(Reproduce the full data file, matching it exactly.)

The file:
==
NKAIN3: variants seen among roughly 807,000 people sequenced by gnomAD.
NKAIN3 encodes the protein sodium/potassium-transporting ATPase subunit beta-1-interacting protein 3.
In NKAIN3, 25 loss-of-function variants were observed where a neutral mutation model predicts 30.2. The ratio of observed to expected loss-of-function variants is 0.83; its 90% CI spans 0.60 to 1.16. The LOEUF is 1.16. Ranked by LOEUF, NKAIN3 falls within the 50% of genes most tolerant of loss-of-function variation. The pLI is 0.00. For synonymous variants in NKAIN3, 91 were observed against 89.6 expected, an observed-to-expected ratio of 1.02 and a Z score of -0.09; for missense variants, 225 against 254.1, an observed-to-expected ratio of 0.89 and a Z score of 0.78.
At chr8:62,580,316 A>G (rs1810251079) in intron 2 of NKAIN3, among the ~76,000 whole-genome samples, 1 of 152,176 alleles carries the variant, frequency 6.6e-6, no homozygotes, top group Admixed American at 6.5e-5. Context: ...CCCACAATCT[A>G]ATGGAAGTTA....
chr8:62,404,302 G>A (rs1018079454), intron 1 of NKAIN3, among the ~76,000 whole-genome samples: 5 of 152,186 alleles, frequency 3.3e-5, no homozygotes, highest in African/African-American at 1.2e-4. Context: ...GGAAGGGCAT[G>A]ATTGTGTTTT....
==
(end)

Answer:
NKAIN3: variants seen among roughly 807,000 people sequenced by gnomAD.
NKAIN3 encodes the protein sodium/potassium-transporting ATPase subunit beta-1-interacting protein 3.
In NKAIN3, 25 loss-of-function variants were observed where a neutral mutation model predicts 30.2. The ratio of observed to expected loss-of-function variants is 0.83; its 90% CI spans 0.60 to 1.16. The LOEUF is 1.16. Ranked by LOEUF, NKAIN3 falls within the 50% of genes most tolerant of loss-of-function variation. The pLI is 0.00. For synonymous variants in NKAIN3, 91 were observed against 89.6 expected, an observed-to-expected ratio of 1.02 and a Z score of -0.09; for missense variants, 225 against 254.1, an observed-to-expected ratio of 0.89 and a Z score of 0.78.
At chr8:62,580,316 A>G (rs1810251079) in intron 2 of NKAIN3, among the ~76,000 whole-genome samples, 1 of 152,176 alleles carries the variant, frequency 6.6e-6, no homozygotes, top group Admixed American at 6.5e-5. Context: ...CCCACAATCT[A>G]ATGGAAGTTA....
chr8:62,404,302 G>A (rs1018079454), intron 1 of NKAIN3, among the ~76,000 whole-genome samples: 5 of 152,186 alleles, frequency 3.3e-5, no homozygotes, highest in African/African-American at 1.2e-4. Context: ...GGAAGGGCAT[G>A]ATTGTGTTTT....